I have lifted several hundred Camellias in this way, some 6 feet or more tall; some to be potted, some replanted in the ground. Very large plants will usually suffer a check but all have grown away after a couple of seasons settling in.

I am in Cornwall, UK. In areas with colder winters it would be better to move them at the end of the winter but they would then have less time to put down roots before conditions became dryer, so watering would be more likely to be needed.

ID time

campsii-alba-2
I grow a camellia under the name Camellia japonica ‘Campsii Alba’. It is the same as one in Moyclare Garden in Liskeard that is known by the same name. It also matches two of the three plants under that name in the Mount Edgcumbe collection. (5B-004 & 5C-003)

The third plant in the collection (5D-004) is different but I think it is more likely to be the correctly named one, in spite of the weight of numbers. I am fairly certain that my plant and the two similar Mt Edgcumbe plants were propagated from the Moyclare plant.

The Camellia Register describes it thus:

“The flower is full, spherical, regular and formed like a perfect rosette. The colour is pure, milk white. The petals, disposed in 7-8 rows, are of average size, rounded, close set, regularly imbricated from the circumference to the centre. Very early flowering.”

It would be helpful if a size for the flower was given. My plant and its kin have been flowering since well before Christmas. The other plant does not flower so early, my pictures of it have been taken in April. Both forms have small, pure white flowers about 5-7cm across. The 5D-004 form is almost always a formal double showing no stamens in its centre but I have on just one occasion seen a fully open flower with some stamens at the centre. The Moyclare plant always has anemone form flowers.

 

The Moyclare plant is probably at least 50 years old and will have been planted by Moira Reid. It is about 4m tall and flowers freely every year over a period of up to three months. The leaves are quite small for a japonica, glossy and robust. It’s a very fine variety and I would love to identify it correctly.

campsii-alba-4

Camellia japonica ‘Campsii Alba’ (5D-004)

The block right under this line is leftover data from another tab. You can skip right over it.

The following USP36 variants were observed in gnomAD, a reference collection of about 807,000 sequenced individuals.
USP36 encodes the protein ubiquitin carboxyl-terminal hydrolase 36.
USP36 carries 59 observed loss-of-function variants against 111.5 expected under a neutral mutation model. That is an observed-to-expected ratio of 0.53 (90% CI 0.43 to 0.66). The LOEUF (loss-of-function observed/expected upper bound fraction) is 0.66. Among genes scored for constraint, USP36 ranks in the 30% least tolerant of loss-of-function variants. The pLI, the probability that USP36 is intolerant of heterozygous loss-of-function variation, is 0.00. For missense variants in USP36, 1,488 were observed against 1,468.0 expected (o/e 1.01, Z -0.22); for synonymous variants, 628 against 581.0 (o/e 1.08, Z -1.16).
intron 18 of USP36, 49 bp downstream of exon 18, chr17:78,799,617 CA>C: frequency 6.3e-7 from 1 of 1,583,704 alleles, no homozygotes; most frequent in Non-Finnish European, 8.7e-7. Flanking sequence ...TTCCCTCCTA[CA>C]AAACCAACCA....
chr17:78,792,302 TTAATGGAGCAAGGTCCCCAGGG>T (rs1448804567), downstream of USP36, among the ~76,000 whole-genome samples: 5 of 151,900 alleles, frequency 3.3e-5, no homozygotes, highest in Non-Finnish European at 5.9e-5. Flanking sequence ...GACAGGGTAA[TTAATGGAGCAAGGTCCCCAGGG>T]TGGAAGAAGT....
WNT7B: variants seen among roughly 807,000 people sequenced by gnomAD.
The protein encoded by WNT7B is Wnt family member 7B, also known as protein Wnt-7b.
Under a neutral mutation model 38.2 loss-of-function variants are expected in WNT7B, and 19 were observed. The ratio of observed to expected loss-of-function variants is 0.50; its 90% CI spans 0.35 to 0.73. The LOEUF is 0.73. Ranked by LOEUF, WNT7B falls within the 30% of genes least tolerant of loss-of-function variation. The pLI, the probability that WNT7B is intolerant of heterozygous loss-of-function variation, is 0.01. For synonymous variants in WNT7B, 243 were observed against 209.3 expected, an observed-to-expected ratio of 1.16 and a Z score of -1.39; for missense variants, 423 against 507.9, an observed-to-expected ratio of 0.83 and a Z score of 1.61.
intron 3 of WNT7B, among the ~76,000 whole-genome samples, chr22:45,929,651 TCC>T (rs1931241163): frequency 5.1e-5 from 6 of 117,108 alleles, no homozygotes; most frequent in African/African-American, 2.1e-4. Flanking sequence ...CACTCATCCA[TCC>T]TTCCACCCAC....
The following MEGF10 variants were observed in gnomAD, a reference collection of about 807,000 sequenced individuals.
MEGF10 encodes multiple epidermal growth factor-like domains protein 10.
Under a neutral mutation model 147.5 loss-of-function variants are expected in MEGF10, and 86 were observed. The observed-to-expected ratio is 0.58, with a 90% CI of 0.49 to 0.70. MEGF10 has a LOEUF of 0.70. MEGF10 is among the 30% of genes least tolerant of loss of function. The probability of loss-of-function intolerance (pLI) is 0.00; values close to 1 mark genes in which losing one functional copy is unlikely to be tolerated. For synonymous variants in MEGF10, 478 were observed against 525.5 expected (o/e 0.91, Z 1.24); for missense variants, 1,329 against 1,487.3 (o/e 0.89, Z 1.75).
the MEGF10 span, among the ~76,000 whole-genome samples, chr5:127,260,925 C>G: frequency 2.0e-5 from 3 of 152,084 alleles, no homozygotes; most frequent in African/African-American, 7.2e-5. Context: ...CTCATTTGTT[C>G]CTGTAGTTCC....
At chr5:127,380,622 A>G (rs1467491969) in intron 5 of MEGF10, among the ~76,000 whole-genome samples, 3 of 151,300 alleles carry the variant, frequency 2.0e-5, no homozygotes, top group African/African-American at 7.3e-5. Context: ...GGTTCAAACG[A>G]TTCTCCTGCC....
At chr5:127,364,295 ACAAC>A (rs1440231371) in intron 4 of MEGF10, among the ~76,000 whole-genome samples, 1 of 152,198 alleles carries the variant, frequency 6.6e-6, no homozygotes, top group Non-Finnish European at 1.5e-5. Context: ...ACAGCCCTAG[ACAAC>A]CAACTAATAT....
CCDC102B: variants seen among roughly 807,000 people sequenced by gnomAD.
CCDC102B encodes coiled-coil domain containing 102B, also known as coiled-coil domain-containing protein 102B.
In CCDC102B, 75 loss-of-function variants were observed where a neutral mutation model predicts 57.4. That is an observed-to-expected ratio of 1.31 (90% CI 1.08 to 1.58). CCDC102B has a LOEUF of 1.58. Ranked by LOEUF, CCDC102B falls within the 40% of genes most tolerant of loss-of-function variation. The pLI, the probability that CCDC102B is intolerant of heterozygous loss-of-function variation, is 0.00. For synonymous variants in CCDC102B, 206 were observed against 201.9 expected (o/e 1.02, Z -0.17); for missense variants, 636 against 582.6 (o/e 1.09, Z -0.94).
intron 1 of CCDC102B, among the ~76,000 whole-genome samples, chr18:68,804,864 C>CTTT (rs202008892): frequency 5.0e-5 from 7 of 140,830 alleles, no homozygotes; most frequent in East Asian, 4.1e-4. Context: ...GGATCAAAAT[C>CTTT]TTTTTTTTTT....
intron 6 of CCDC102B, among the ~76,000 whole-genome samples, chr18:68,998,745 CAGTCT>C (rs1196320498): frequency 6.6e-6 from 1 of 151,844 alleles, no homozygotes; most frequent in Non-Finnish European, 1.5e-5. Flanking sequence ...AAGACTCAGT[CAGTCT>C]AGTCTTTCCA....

Sasanqua season 2018 – 4

I made it back to Mt Edgcumbe on Tuesday after a three week absence to find that the sasanqua season there is all but over. On the other hand, there was a fair smattering of other things flowering and I ended up taking quite a lot of photos.

The sasanqua x reticulata hybrids are moving toward peak flowering. Usually ‘Show Girl’, especially the specimen in the species section, steals the show both on display and flower size. This year it is as good as ever but ‘Flower Girl’ is the best I’ve seen it and almost the equal of ‘Show Girl’.

‘Show Girl’ should be much more widely grown, it produces an astonishing display at a time of year when little else is around and seems able to withstand most of what the weather throws at it.

The Ackerman hybrids have done relatively well this year and have also stood out for the length of their flowering season. ‘Winter’s Toughie’ is good every year but makes a rather large and untidy bush. Light regular pruning would probably help. ‘Winter’s Rose’ and ‘Snow Flurry’ have both been excellent this year, helped by more light from the loss of tree cover. ‘Winter’s Rose’ is semi-weeping, wider than high, ‘Snow Flurry’ vigorous and upright. Both have given about six weeks of display. ‘Winter’s Charm’, growing nearby, has produced a few blooms, similar to ‘Winter’s Rose’ but on a more vigorous, upright bush, but is more shaded than the other two.

Another Ackerman hybrid, ‘Winter’s Joy’, seems reluctant to open out fully, which is unfortunate as it could be most attractive. I’ve not seen it behave like this in previous years.

C. hiemalis ‘Showa Supreme’ is represented by two plants in the collection in Section 1N, one of the shadiest areas. I don’t think this suits them and they never flower freely though this year is the best I’ve seen. This was a Nuccio raised seedling of ‘Showa-no-sakae’ with larger blooms. It’s wide spreading and dense, a good plant would be a fine thing; I must try to propagate it so it can be planted in a better location.

C. x williamsii ‘November Pink’ is usually true to its name, sometimes starting as early as late October. Not this year, just two or three blooms so far. Equally predictable are C. japonica ‘Gloire de Nantes’, C. japonica ‘Nobilissima’ and C. japonica ‘Daikagura’; all of them are flowering freely.

I was a bit more surprised to see C. japonica ‘Momijigari’, C. japonica ‘Bokuhan’ and C. japonica ‘Spring Promise’ with lots of blooms open. I don’t recall more than the occasional early bloom from previous years.

C. ‘Bokuhan’ is clearly one parent of both the plants labelled ‘Peter Betteley’. In an earlier blog I explained why I had concluded that, as similar as they undoubtedly are, they are not the same and seem to be sister seedlings. This year the flowers are as distinct from each other as I’ve ever seen them, though you still need to look carefully.

And then there were the rest. Mostly just one or two early blooms on varieties not especially noted for flowering early; unsurprising, given the summer we had.

Not a bad haul for 11th December. I think it’s going to be a good spring season but if the weather stays mild it may be an early one. Most plants seem to have set a heavy crop of buds and I’ve seen very little sign of them dropping. I have my fingers crossed.